World Cup Special #2: GROUP B

by Ray_North on March 26, 2014

Unknown-1278 days left. 78 days left to dream.

So, let’s move on to the second group of the 2014 World Cup – Group B – Spain, Netherlands, Chile and Australia. Oh My God. My mouth is watering at the prospect of this one. The Group of Death? Not quite, but certainly, the group of violent assault.

SPAIN
HOLLAND
CHILE
AUSTRALIA

Who’s going to win this one?
Who are the players to watch out for? And, how amazing is the re-run of the last world cup final going to be? As I said, just 78 days left. So, enough of the hyperbole, let’s look at the runners and riders, and let’s start with the holders Espana.

SPAIN
Spain won the last World Cup playing a brand of football that basically saw them keep the ball, pass it amongst themselves for about 88 minutes and score a goal as and when they had to. It was pretty to watch, incredibly difficult to beat and, actually, incredibly demanding on the players who had to demonstrate fantastic levels of technical skill to keep the ball, and endurance to press the other team to get it back if, which didn’t happen very often, they lost it.

In players such as Busquets, Xabi, Iniesta and Alonso they had the ideal players to play this sort of game. And, frighteningly for the other nations in this world cup, all these players, together with Fabregas, Silva, Negredo and others are all still available to the national coach – their experience is just frightening, with no less than six players in the squad with over 100 caps.

But can they still do it?

I don’t think so – first, history suggests that European teams do not win the World Cup in South America, and second, the World Cup is very rarely successfully defended – only Italy in the 1930 and Brazil in 1958 and 1962 have managed it. But, perhaps the main reason for my doubting that the Spanish will reclaim the title is my hunch that, although they are clearly still an amazing team, their style of play may no longer take teams by surprise, whilst their players though experienced, are also quite old, and a six week tournament in the heat of Brazil may take it’s toll.

We shall see.

In any event, the game against Holland will be a belter, whilst I can’t see them having any trouble defeating Chile and Australia – later on, things may start to get tough.Unknown-6

Players to watch: well, who don’t you want to watch? I like the new striker Diego Costa (pictured) – Liverpool wanted him last summer and I’ve a feeling we’ll see why by the end of the tournament.

Holland

The World Cup wouldn’t be the same without the Dutch, they bring with them, colour, sparkle, pedigree, mad supporters and, more often than not, a monumental squad bust up when they all fall out with eachother.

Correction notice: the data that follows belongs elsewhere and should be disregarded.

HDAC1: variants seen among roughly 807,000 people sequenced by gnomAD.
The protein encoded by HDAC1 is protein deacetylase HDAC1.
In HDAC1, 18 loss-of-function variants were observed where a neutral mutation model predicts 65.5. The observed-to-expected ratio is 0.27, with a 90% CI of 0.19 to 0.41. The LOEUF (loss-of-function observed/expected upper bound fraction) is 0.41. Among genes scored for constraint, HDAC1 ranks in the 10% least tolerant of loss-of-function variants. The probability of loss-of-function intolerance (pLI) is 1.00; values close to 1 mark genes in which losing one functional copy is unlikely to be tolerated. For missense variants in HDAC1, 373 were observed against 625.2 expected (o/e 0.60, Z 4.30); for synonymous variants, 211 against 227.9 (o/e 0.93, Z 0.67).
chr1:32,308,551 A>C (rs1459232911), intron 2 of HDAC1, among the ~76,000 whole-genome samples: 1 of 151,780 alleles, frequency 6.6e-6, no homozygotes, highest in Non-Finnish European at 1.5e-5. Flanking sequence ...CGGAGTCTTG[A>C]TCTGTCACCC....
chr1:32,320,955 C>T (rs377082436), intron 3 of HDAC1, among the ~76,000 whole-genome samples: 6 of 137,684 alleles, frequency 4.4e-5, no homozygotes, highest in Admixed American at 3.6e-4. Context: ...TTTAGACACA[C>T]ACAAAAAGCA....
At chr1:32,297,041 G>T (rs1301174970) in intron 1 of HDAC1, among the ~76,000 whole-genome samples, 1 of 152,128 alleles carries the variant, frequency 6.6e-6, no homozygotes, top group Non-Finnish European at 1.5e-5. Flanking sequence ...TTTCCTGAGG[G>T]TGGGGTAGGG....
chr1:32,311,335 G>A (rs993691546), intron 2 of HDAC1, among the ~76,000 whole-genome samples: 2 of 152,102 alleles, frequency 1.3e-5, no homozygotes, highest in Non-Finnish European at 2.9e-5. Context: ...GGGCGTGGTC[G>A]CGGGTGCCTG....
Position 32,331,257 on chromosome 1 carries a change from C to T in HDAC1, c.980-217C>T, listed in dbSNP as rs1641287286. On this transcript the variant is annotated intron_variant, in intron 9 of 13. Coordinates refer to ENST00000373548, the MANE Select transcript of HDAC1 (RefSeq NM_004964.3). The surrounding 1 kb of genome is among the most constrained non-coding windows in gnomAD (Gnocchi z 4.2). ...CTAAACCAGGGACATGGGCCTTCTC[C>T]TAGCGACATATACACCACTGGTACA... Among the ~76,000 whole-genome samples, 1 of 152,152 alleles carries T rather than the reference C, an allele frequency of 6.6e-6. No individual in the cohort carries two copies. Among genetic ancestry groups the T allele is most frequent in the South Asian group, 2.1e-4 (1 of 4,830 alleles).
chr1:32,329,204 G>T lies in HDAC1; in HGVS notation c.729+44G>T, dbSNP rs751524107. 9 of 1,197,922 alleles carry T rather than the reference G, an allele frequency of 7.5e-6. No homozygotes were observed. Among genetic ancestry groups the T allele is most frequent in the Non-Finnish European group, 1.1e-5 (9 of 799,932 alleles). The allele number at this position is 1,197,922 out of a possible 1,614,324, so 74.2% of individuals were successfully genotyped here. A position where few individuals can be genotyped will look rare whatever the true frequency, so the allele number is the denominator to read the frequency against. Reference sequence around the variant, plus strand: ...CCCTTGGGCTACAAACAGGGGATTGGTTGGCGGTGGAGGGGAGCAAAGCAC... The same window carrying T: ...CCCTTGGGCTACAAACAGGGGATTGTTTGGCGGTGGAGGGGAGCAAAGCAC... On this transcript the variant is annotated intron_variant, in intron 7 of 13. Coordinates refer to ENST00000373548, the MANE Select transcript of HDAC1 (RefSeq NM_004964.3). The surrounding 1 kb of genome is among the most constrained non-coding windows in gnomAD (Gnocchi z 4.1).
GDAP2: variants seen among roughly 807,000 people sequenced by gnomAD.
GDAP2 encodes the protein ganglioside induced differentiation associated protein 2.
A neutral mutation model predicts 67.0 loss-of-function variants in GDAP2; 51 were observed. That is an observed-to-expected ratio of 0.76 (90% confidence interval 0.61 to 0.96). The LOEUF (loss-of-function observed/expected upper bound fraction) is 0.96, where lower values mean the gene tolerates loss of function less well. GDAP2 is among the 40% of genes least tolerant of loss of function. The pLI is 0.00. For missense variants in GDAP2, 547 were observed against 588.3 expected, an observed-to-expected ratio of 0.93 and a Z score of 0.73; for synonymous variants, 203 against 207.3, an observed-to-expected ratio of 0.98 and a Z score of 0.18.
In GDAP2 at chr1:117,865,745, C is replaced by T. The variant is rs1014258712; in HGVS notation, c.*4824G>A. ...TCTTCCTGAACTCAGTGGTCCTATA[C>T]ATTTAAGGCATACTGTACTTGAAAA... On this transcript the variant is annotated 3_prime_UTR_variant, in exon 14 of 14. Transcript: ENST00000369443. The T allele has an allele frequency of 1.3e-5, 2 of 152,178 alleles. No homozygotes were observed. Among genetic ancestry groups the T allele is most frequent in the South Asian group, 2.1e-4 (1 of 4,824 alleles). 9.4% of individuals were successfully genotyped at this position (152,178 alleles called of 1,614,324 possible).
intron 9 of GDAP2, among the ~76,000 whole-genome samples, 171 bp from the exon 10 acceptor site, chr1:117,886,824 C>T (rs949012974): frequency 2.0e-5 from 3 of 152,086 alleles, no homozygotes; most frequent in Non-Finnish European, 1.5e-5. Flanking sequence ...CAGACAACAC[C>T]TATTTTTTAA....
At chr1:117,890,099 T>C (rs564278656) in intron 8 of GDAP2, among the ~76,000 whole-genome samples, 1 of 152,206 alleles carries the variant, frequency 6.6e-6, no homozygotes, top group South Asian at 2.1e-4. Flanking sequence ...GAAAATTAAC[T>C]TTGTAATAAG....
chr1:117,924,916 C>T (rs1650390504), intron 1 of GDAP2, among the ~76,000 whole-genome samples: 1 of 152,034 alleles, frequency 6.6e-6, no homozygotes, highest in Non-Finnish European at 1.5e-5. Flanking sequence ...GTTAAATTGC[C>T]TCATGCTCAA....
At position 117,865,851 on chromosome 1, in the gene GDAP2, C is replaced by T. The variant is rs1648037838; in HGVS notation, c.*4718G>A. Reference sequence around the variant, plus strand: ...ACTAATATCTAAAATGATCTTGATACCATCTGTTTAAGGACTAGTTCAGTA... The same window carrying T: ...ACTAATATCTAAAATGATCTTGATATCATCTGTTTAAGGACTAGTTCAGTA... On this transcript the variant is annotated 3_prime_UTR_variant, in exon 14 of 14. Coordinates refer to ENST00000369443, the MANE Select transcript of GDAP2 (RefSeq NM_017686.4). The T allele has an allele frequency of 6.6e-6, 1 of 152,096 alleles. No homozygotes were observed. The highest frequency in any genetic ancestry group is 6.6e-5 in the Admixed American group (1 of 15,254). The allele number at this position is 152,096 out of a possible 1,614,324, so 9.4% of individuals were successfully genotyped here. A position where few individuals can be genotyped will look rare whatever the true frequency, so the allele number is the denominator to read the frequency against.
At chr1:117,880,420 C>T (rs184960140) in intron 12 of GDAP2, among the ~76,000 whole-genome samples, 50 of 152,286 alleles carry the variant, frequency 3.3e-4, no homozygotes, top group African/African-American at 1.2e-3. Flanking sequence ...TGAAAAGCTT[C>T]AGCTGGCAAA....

As ever they will be incredibly pleasing on the eye with their brand of languid skilful fluid football and they will score some spectacular goals (if you look through the archive some of the greatest goals in World Cup history have been scored by the Dutch). Incredibly the Dutch have never won the World Cup, despite having contested three finals. Will they go on to win it this time? No, not in my opinion – Unknown-7although in players such as Van Persie and Robben they have genuine world class and abundance of goals, they, as has often been the case, lack one or two players in key positions to win the thing, whilst the squad overall isn’t as good as the one that reached the final in 2010.

Players to watch – They’ll miss the Roma midfielder Kevin Strootman, who is out with injury, so I’m interested in seeing the lightening quick Jean Paul Boetius (above).

Chile

Chile always qualify, always play good tough football and are always difficult to beat. In the past they have benefitted from having one or two genuinely world class players such as Marcello Salas and Ivan Zamorano and in 2010, they reached the round of 16, but, despite their history and their quality, I fear that overcoming Holland and Spain to qualify from Group B, may prove too difficult a task. Saying this, however, in the last twelve months head coach, the wonderfully bald, Sampola, has won 10 and drawn 3 of his 15 games in charge, which is encouraging, but he has called up almost fifty players, which suggests that he isn’t sure of the talent that is available to him.

Unknown-8The likes of Beausejour, Jara, Isla and Madel will be difficult to break down, whilst Alexis Sanchez’s trickery will be a handful for any defence.

Players to watch – look out for the very clever and talented Charles Aranguiz.

Australia

I’m afraid that the Soccer’s may end up as the whipping boys of this group. Although they will be muscular and athletic, they won’t have the craft or guile to break down the Chileans or outscore the Dutch, whilst I can’t even see them getting the ball against the Spanish.

Their recent results haven’t been too clever either. Last year they struggled in the East Asia Cup and recently lost 6-0 against both Brazil and France.

Their manager is Ange Postecoglu, who doesn’t appear to have a great deal of experience outside Australia, but is highly regarded there.

Of course, don’t rule out the Aussies having a couple of halves of football, but, I fear that that is all they’ll muster – and will be home by the end of week three.

Unknown-10Players to watch – it’ll be nice to see Tim Cahill and Luke Wilshire back in action, but keep an eye on Tommy Oar, a young playmaker who was the young player of the year in Australia in 2010, and has recently been playing with Utrecht in the Dutch league.

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